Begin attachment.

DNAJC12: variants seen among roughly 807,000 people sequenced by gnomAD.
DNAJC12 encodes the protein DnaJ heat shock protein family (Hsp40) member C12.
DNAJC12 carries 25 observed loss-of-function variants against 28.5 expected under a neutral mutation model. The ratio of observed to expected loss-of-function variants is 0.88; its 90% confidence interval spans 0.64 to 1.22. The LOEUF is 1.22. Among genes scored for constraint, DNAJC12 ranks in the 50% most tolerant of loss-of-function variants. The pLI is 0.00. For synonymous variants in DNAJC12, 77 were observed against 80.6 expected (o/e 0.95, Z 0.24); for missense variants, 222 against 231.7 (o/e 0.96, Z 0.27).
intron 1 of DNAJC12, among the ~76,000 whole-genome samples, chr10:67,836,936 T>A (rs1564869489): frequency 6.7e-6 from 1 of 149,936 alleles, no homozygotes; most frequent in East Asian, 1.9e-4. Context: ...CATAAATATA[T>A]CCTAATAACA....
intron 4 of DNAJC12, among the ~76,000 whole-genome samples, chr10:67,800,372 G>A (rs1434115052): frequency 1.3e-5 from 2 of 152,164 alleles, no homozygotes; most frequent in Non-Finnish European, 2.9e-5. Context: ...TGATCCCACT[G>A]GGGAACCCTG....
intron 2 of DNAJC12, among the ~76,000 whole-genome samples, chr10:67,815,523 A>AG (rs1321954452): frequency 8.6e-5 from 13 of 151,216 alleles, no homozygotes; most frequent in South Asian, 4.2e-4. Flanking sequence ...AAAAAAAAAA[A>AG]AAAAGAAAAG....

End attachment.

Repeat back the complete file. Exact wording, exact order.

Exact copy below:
DNAJC12: variants seen among roughly 807,000 people sequenced by gnomAD.
DNAJC12 encodes the protein DnaJ heat shock protein family (Hsp40) member C12.
DNAJC12 carries 25 observed loss-of-function variants against 28.5 expected under a neutral mutation model. The ratio of observed to expected loss-of-function variants is 0.88; its 90% confidence interval spans 0.64 to 1.22. The LOEUF is 1.22. Among genes scored for constraint, DNAJC12 ranks in the 50% most tolerant of loss-of-function variants. The pLI is 0.00. For synonymous variants in DNAJC12, 77 were observed against 80.6 expected (o/e 0.95, Z 0.24); for missense variants, 222 against 231.7 (o/e 0.96, Z 0.27).
intron 1 of DNAJC12, among the ~76,000 whole-genome samples, chr10:67,836,936 T>A (rs1564869489): frequency 6.7e-6 from 1 of 149,936 alleles, no homozygotes; most frequent in East Asian, 1.9e-4. Context: ...CATAAATATA[T>A]CCTAATAACA....
intron 4 of DNAJC12, among the ~76,000 whole-genome samples, chr10:67,800,372 G>A (rs1434115052): frequency 1.3e-5 from 2 of 152,164 alleles, no homozygotes; most frequent in Non-Finnish European, 2.9e-5. Context: ...TGATCCCACT[G>A]GGGAACCCTG....
intron 2 of DNAJC12, among the ~76,000 whole-genome samples, chr10:67,815,523 A>AG (rs1321954452): frequency 8.6e-5 from 13 of 151,216 alleles, no homozygotes; most frequent in South Asian, 4.2e-4. Flanking sequence ...AAAAAAAAAA[A>AG]AAAAGAAAAG....